We are so conditioned to think that, whatever we do, especially if we do it regularly, we need to get better at it. We need to progress. But what exactly is progress? In yoga especially, but also in many other aspects of life, this is very easy to misjudge. My teacher James says: ‘you might be able to levitate, but are you able to get above your anger?’ I think the same about work. You might earn a lot of money, but do you know how to use it with care and beauty? You might be very busy, but do you sleep easy?
Real progress, in my experience, does not come with bells and fanfare. It is quiet and understated. I remember thinking that getting a certain posture was progress and one year, I was very excited to show my teacher in Crete whom I only saw once a year, that I had achieved a particular bind. I was probably expecting something like ‘very well done! You did it!’ but I got a glance and he walked off. It is not a big deal.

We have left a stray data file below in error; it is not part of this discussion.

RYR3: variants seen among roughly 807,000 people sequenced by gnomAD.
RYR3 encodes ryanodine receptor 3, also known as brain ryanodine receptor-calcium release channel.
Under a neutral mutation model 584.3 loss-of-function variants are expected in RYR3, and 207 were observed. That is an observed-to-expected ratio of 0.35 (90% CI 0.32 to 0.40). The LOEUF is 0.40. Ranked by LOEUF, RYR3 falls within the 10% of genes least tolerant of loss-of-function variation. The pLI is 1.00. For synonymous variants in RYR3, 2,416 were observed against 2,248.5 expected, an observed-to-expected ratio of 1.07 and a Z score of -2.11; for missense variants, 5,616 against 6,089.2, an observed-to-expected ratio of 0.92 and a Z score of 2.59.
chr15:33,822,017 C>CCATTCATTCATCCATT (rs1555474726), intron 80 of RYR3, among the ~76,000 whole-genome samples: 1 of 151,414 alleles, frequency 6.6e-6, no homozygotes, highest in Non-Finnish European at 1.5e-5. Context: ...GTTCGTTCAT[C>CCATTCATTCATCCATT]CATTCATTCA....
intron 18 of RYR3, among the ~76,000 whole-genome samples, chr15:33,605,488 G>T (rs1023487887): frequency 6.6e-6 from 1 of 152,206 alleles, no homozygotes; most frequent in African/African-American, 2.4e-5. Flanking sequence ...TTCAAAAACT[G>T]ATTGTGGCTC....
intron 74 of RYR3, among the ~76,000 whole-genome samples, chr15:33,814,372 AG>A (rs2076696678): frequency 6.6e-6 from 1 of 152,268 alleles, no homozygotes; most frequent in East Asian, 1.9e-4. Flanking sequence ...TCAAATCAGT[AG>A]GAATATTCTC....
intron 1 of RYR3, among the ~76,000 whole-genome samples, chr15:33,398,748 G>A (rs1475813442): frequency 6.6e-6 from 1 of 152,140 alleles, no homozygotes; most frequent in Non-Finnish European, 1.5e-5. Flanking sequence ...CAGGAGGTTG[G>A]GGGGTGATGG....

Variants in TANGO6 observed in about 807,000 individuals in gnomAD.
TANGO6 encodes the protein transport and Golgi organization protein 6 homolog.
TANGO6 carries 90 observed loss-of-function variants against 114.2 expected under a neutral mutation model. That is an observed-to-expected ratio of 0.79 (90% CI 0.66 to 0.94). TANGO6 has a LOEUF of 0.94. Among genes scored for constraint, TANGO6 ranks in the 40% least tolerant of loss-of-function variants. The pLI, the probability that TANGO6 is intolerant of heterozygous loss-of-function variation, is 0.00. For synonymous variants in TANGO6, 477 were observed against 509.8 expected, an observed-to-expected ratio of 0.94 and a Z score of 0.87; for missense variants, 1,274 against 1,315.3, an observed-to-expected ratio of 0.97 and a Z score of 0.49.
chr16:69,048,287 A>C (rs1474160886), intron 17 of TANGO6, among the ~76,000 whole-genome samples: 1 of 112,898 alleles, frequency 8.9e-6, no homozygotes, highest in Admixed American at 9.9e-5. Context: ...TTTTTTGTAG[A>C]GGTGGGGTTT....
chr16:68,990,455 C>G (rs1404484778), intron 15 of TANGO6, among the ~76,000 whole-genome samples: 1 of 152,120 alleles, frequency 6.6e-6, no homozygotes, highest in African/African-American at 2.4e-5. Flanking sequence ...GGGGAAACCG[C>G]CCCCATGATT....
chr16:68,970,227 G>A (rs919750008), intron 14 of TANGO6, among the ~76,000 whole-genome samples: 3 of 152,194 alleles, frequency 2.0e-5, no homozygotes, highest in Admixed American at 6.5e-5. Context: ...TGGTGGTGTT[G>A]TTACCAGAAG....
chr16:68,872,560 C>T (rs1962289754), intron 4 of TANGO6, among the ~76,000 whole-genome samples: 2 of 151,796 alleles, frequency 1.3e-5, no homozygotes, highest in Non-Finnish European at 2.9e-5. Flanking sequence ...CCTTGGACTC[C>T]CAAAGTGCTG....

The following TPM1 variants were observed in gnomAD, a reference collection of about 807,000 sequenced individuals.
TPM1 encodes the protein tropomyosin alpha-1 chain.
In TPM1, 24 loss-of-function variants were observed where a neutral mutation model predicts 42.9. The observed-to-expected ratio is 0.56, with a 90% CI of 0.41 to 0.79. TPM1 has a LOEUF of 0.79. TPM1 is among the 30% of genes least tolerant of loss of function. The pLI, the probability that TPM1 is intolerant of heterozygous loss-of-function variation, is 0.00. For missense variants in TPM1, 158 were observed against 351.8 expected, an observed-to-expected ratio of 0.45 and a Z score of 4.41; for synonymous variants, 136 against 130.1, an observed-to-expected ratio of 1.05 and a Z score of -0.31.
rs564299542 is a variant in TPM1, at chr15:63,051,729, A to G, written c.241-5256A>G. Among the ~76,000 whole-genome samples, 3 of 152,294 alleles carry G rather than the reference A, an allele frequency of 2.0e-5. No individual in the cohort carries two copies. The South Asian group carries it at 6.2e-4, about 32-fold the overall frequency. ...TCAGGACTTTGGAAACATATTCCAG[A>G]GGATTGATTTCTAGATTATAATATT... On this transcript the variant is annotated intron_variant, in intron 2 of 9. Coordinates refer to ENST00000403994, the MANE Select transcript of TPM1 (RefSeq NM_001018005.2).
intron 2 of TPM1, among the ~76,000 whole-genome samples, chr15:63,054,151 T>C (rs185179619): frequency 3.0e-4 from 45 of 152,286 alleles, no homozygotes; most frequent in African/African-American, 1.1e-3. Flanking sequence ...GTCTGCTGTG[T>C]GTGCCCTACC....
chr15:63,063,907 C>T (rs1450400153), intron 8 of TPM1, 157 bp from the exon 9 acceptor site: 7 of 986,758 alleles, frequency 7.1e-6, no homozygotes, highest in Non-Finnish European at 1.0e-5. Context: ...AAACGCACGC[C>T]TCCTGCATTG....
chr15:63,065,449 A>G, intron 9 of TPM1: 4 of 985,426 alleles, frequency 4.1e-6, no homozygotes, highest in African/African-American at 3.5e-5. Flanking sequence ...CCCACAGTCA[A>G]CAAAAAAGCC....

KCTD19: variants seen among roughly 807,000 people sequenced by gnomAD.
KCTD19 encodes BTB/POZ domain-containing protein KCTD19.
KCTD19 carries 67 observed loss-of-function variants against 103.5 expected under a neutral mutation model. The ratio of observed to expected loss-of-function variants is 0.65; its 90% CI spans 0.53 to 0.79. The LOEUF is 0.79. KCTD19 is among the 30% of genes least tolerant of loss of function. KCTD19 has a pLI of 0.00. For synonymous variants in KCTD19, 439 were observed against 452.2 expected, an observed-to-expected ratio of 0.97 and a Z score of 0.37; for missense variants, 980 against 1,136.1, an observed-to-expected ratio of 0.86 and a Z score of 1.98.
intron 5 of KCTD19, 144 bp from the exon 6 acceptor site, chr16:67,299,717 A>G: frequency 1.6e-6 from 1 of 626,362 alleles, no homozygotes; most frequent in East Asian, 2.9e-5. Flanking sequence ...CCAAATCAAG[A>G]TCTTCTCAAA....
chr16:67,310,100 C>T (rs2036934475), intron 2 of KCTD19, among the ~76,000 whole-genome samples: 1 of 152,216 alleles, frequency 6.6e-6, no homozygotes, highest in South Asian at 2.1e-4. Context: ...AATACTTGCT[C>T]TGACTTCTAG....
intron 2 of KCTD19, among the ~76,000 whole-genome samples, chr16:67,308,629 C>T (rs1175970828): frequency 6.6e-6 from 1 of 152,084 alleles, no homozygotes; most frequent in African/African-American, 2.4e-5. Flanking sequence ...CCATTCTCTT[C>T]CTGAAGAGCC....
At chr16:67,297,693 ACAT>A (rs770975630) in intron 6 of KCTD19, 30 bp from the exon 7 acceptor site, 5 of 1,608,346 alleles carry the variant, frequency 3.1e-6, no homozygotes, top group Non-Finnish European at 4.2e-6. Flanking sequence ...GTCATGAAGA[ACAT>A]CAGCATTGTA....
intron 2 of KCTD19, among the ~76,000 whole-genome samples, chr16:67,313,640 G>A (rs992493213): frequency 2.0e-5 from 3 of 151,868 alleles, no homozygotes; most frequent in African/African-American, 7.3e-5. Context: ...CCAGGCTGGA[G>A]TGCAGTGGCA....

What is a big deal, I have found out, is to be able to truly retrace your steps and approach practice with a beginners mind. This means not only doing the practices one used to do a while ago, when the journey began, but to truly embody that enquiring mind. In the amazing meditation and pranayama training I am doing with Kia, she has invited us to do just this. Beginning again is the advanced practice. I cannot believe how much I have missed on the simple breath by putting in all the fancy stuff, how much I have taken for granted, how much more there is in the most simple act of breathing. Can you cook, walk, look, sing and draw in this way?
If progress is anything, it is a detachment from it: to truly enjoy putting one foot in front of the other, feeling the earth, breathing in the surroundings, feeling the weather, the changes in weight, the articulation of the body rather than running for a goal that, as soon as we reach it, will move elsewhere.